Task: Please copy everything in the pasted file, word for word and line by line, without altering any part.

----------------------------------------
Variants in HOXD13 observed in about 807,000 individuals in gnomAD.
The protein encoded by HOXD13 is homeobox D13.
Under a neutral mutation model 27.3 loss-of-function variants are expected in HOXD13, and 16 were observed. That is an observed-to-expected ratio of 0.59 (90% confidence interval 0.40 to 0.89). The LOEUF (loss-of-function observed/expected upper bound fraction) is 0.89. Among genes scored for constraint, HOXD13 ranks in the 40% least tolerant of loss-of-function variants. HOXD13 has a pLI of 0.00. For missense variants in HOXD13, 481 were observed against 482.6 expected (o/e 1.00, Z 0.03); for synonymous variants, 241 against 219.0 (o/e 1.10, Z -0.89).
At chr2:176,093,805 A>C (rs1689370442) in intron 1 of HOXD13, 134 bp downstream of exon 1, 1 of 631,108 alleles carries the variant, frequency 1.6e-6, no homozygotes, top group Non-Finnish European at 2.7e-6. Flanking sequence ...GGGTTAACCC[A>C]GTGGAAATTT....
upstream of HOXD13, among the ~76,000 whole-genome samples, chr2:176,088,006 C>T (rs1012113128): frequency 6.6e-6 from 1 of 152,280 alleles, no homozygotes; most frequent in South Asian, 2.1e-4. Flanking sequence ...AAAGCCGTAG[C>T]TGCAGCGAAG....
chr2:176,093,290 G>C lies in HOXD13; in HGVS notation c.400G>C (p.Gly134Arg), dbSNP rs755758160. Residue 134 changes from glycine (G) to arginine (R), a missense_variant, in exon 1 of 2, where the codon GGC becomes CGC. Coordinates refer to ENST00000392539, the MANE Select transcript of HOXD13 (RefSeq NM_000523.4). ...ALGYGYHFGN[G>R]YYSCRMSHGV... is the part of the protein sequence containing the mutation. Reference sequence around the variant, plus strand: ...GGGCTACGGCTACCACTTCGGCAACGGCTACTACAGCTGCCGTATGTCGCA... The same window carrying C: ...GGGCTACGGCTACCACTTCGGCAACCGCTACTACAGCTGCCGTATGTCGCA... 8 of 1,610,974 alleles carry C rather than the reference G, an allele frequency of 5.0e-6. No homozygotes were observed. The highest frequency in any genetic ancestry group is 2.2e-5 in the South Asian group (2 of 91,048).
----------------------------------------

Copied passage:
Variants in HOXD13 observed in about 807,000 individuals in gnomAD.
The protein encoded by HOXD13 is homeobox D13.
Under a neutral mutation model 27.3 loss-of-function variants are expected in HOXD13, and 16 were observed. That is an observed-to-expected ratio of 0.59 (90% confidence interval 0.40 to 0.89). The LOEUF (loss-of-function observed/expected upper bound fraction) is 0.89. Among genes scored for constraint, HOXD13 ranks in the 40% least tolerant of loss-of-function variants. HOXD13 has a pLI of 0.00. For missense variants in HOXD13, 481 were observed against 482.6 expected (o/e 1.00, Z 0.03); for synonymous variants, 241 against 219.0 (o/e 1.10, Z -0.89).
At chr2:176,093,805 A>C (rs1689370442) in intron 1 of HOXD13, 134 bp downstream of exon 1, 1 of 631,108 alleles carries the variant, frequency 1.6e-6, no homozygotes, top group Non-Finnish European at 2.7e-6. Flanking sequence ...GGGTTAACCC[A>C]GTGGAAATTT....
upstream of HOXD13, among the ~76,000 whole-genome samples, chr2:176,088,006 C>T (rs1012113128): frequency 6.6e-6 from 1 of 152,280 alleles, no homozygotes; most frequent in South Asian, 2.1e-4. Flanking sequence ...AAAGCCGTAG[C>T]TGCAGCGAAG....
chr2:176,093,290 G>C lies in HOXD13; in HGVS notation c.400G>C (p.Gly134Arg), dbSNP rs755758160. Residue 134 changes from glycine (G) to arginine (R), a missense_variant, in exon 1 of 2, where the codon GGC becomes CGC. Coordinates refer to ENST00000392539, the MANE Select transcript of HOXD13 (RefSeq NM_000523.4). ...ALGYGYHFGN[G>R]YYSCRMSHGV... is the part of the protein sequence containing the mutation. Reference sequence around the variant, plus strand: ...GGGCTACGGCTACCACTTCGGCAACGGCTACTACAGCTGCCGTATGTCGCA... The same window carrying C: ...GGGCTACGGCTACCACTTCGGCAACCGCTACTACAGCTGCCGTATGTCGCA... 8 of 1,610,974 alleles carry C rather than the reference G, an allele frequency of 5.0e-6. No homozygotes were observed. The highest frequency in any genetic ancestry group is 2.2e-5 in the South Asian group (2 of 91,048).